Monday, January 3, 2011

Streaming files over WCF

With all the REST buzz nowadays, using SOAP/WCF services seems so ‘old school’. But the right tool for the right job, so let’s move on and focus on the problem I want to handle: sending large files over WCF(I blogged about this before with some tips, but people keep asking questions, so I describe the process step by step).

Table Of Contents

  • Service Contract
  • Service Implementation
  • Configuring The Service
  • Hosting The Service in IIS

WCF Service Contract

Let’s start by laying the groundwork for the WCF Service. As stated the service must enable users to upload a file to the web server which hosts it. Thus the resulting service contract only contains one method, named Upload(…).

Open up Visual Studio 2010 and create a new blank solution. Next add a new Empty Web application called Sample.Services. Afterwards go to Add new item, choose  the WCF service template and type FileUploadService.cs as the name. This will automatically generate some files (IFileUploadService.cs, FileUploadService.cs) and update the web.config with some default configuration settings.

Open the IFileUploadService file and replace the generated code with the code in Listing 1:

Listing 1 – Service Contract

   1:  [ServiceContract(Namespace = "http://sample/wcf/services")]
   2:  public interface IFileUploadService
   3:  {
   4:      [OperationContract]
   5:      UploadResponse Upload(UploadRequest uploadRequest);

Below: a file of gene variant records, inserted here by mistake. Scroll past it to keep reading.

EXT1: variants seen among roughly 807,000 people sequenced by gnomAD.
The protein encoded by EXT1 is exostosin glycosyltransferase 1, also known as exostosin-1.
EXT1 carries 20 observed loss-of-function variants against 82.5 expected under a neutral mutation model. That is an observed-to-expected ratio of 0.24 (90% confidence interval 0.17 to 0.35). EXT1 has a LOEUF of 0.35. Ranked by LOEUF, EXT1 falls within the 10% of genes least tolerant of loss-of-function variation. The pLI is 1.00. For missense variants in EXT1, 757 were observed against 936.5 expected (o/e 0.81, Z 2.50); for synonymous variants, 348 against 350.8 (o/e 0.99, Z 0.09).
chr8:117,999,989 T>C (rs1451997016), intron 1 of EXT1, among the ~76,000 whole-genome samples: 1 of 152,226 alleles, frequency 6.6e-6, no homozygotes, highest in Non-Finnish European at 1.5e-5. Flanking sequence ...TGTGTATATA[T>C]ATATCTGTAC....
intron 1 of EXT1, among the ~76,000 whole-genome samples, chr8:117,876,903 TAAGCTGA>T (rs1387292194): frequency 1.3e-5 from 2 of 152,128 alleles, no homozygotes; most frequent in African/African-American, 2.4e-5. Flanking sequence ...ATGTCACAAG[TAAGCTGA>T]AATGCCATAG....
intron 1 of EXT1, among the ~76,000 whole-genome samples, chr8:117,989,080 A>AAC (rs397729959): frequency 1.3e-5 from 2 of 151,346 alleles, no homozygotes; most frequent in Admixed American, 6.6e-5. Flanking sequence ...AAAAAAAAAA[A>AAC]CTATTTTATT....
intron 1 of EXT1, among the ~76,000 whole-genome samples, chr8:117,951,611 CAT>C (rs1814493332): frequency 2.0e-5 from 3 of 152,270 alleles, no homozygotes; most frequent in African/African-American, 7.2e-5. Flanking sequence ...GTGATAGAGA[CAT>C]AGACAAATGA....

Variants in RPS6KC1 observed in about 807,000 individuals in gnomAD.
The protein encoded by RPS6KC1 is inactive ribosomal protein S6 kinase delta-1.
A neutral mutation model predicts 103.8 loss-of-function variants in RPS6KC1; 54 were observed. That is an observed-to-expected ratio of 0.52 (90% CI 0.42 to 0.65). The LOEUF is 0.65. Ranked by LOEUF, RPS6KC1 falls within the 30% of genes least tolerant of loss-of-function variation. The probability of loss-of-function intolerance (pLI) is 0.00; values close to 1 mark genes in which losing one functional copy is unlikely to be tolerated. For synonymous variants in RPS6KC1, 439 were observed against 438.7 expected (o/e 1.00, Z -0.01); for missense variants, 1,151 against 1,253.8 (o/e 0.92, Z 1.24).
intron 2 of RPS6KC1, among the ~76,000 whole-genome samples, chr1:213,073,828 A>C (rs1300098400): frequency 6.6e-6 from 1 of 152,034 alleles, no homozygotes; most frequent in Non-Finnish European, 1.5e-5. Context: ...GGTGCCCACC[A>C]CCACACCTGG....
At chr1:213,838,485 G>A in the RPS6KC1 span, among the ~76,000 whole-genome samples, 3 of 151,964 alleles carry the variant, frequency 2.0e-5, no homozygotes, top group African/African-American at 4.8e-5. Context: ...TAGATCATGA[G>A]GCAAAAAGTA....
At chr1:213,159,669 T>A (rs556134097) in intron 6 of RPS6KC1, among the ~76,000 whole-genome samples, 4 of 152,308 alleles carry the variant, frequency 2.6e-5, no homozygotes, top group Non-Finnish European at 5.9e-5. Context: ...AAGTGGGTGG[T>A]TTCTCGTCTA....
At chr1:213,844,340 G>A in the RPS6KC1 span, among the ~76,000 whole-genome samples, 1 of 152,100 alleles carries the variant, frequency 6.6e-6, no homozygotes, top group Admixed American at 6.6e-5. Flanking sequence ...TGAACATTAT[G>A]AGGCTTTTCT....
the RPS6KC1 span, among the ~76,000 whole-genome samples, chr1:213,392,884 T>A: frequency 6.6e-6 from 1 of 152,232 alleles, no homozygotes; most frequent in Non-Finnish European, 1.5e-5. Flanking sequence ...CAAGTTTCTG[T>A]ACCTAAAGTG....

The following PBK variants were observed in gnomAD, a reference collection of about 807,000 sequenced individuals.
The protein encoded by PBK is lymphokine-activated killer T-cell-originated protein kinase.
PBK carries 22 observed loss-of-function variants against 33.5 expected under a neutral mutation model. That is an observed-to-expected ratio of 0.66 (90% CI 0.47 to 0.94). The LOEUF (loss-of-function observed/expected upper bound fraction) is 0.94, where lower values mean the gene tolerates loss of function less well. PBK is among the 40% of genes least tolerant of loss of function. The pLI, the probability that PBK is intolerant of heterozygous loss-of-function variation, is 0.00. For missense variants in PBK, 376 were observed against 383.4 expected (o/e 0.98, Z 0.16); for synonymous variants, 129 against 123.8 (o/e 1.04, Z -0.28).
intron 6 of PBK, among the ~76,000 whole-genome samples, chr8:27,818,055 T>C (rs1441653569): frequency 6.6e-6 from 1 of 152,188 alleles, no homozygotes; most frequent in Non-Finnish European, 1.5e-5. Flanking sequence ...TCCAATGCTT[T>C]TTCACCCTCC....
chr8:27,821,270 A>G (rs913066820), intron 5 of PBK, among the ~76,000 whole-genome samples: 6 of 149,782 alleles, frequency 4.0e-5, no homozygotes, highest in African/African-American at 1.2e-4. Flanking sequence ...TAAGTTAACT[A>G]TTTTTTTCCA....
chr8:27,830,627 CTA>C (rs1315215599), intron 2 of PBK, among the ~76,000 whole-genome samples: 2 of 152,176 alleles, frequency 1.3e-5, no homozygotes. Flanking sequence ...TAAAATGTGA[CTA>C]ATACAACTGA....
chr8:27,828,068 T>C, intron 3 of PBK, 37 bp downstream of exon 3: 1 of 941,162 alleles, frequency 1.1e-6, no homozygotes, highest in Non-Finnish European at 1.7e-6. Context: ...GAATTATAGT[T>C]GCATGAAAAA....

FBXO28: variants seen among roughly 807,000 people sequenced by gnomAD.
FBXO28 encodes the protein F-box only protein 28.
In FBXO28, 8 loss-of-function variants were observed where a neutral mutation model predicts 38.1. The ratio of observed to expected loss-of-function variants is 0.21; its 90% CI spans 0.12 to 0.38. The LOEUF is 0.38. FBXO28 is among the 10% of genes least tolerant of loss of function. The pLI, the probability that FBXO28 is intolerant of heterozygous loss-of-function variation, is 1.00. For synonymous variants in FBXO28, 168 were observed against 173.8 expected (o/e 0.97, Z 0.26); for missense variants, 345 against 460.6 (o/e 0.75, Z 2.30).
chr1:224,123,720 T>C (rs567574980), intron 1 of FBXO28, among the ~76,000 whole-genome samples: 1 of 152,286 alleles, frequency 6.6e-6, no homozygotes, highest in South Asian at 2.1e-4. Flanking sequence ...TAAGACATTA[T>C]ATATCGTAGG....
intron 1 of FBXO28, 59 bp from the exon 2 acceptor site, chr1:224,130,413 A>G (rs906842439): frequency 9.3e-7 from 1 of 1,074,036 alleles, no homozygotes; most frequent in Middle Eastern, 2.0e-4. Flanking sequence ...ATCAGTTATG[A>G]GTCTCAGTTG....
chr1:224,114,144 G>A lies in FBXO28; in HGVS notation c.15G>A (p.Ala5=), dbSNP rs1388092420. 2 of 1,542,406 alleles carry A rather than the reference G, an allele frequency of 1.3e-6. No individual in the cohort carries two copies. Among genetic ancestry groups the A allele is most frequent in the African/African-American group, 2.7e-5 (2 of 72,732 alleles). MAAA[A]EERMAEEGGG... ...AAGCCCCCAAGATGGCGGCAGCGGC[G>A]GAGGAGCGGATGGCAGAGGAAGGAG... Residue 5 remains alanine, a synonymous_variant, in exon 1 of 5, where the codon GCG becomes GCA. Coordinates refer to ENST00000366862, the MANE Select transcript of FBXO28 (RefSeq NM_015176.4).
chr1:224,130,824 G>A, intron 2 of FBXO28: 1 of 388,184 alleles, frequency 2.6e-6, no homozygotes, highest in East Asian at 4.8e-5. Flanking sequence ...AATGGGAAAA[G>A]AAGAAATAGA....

6:  }

As you can see in Listing 1 above they mention two other classes, namely:

  1. UploadRequest
  2. UploadResponse

These classes are both decorated with the MessageContract attribute.

Note: WCF requires that the parameter that holds the data to be streamed must be the only parameter in the method.

Note: If your service operation contains a parameter of a type which has been decorated with the MessageContract attribute then all of the parameters and the return type used in this operation must be of a type to which this attribute has been applied.

You cannot mix parameters of a primitive type with message contracts. For instance if you want the Upload(…) method to return a boolean indicating if the upload succeeded or failed then you have to wrap this in another message contract.

The FileInfo class specifies the structure of a SOAP envelope for a particular message.

Listing 2 – FileInfo class

   1:  [MessageContract]
   2:  public class UploadRequest
   3:  {
   4:      [MessageHeader(MustUnderstand = true)]
   5:      public string FileName { get; set; }
   6:   
   7:      [MessageBodyMember(Order = 1)]
   8:      public Stream Stream { get; set; }
   9:  }

Note: By applying the MessageHeader attribute to the FileName and Length propery you place this information in the header of the SOAP message. When streaming a file the body of the SOAP message must only contain the actual file itself. By applying the MessageBodyMember attribute to the Stream property you place it in the body of the SOAP message.

Listing 3 displays how to setup the return value as a message contract. The response only contains a boolean value to indicate if the upload was successful.

Listing 3 – FileReceivedInfo class

   1:  [MessageContract]
   2:  public class UploadResponse
   3:  {
   4:      [MessageBodyMember(Order = 1)]
   5:      public bool UploadSucceeded { get; set; }
   6:  }

Service Implementation

Now it’s time to provide an actual implementation for the service contract.